The fact is that in these uncertain financial times, with what is happening in the European Union and our partner to the south, the United States, the Conservatives are taking an incredible chance with the western economy by trying this experiment. In the absence of hard and fast numbers, and a solid cost benefit analysis, that is all this is: an experiment.

Marketing Freedom for Grain Farmers Act
Government Orders

5 p.m.

Conservative

Brian Storseth Westlock—St. Paul, AB

Mr. Speaker, I will be splitting my time with the member for Etobicoke—Lakeshore, the member who is also from St. Paul originally. We are proud to have him speak on the Canadian Wheat Board.

I would like to take a couple of minutes from my prepared text to respond to a couple of things that my hon. colleague before me talked about. In fact, there was a report done. It was one of about five that was brought up at the Wheat Board committee that said that western Canadian farmers would actually benefit by approximately $450 million to $628 million a year by gaining marketing freedom. That is not even taking the inefficiencies of the Canadian Wheat Board into account. That is not even talking about more jobs through value-added sectors. That is just talking about money that could potentially be in farmers' pockets. So just because the hon. colleagues across the way choose not to read the reports does not mean that they have not been done.

The other aspect I would like to point out is this is a very serious issue for western Canadian farmers. This is something that my producers in the Westlock—St. Paul region are counting on for August 2012. For hon. colleagues across the way to get up and ramble on about talking points that they use about government crime policy has nothing to do with jobs and money in the pockets of western Canadian farmers. I find that absolutely offensive.

In fact, I am not knowledgeable about a marketing fish board in Newfoundland, but if I were to vote on it in the House of Commons, I would definitely take the time to at least talk to some fishermen from Newfoundland.

I ask my hon. colleagues across the way, and there are going to be many western Canadian farmers here this week, to please take time and talk to them. Talk to them about what they see in opening up the Canadian Wheat Board and allowing farmers to have the option for marketing freedom while still keeping the Wheat Board in place for other farmers who want to use it.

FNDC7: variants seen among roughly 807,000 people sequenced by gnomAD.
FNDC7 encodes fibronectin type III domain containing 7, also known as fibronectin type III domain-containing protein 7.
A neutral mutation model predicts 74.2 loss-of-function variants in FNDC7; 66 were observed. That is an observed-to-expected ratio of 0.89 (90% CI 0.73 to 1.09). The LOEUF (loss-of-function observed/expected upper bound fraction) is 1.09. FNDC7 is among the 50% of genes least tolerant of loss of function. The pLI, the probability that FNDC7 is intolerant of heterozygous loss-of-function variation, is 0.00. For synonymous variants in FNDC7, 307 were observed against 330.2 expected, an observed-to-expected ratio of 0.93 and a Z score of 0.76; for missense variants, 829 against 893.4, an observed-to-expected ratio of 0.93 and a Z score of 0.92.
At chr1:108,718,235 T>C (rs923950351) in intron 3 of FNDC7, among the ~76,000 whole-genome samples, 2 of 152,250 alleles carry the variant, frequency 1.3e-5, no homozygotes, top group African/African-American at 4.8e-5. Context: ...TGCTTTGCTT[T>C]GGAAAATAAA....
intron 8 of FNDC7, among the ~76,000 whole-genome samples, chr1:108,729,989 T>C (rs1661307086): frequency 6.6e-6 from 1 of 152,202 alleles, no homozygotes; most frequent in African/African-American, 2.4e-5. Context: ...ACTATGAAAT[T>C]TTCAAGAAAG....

I am honoured to speak to the bill. Our government's top priority is the economy in which the agriculture industry plays a vital role. We believe that all Canadians should be able to position their business to capture the marketing opportunities that are open to them. When passed, this legislation would provide western Canadian farmers with the same freedom and opportunities as other farmers in Canada already enjoy. That is the freedom to market their grain, based on what is the best for their business, to the buyer of their choice.

On October 18 the hon. Minister of Agriculture introduced legislation that aims to give farmers the right to choose how to market their wheat, durum and barley independently or through a voluntary Canadian Wheat Board. The marketing freedom for grain farmers act would give every farmer in western Canada the freedom to choose how to market their grain. Whether that is to a buyer who pays the full price on delivery, or through a pooled offer by the Canadian Wheat Board, our intention is to have this open marketing system in place for August 1, 2012.

However, as soon as the bill receives royal assent, it will allow farmers and grain companies to enter into forward contracts for the purchase or sale of wheat, barley, durum for the execution after August 1, 2012.

As we all know, nothing good ever comes easily. Change brings challenge, but it also brings a wealth of opportunity. Our government is working diligently with industry to make the road to an open market as smooth as possible, so farmers can capture as many of these opportunities as possible.

During our extensive consultations, industry has raised a number of valid issues around the transition process.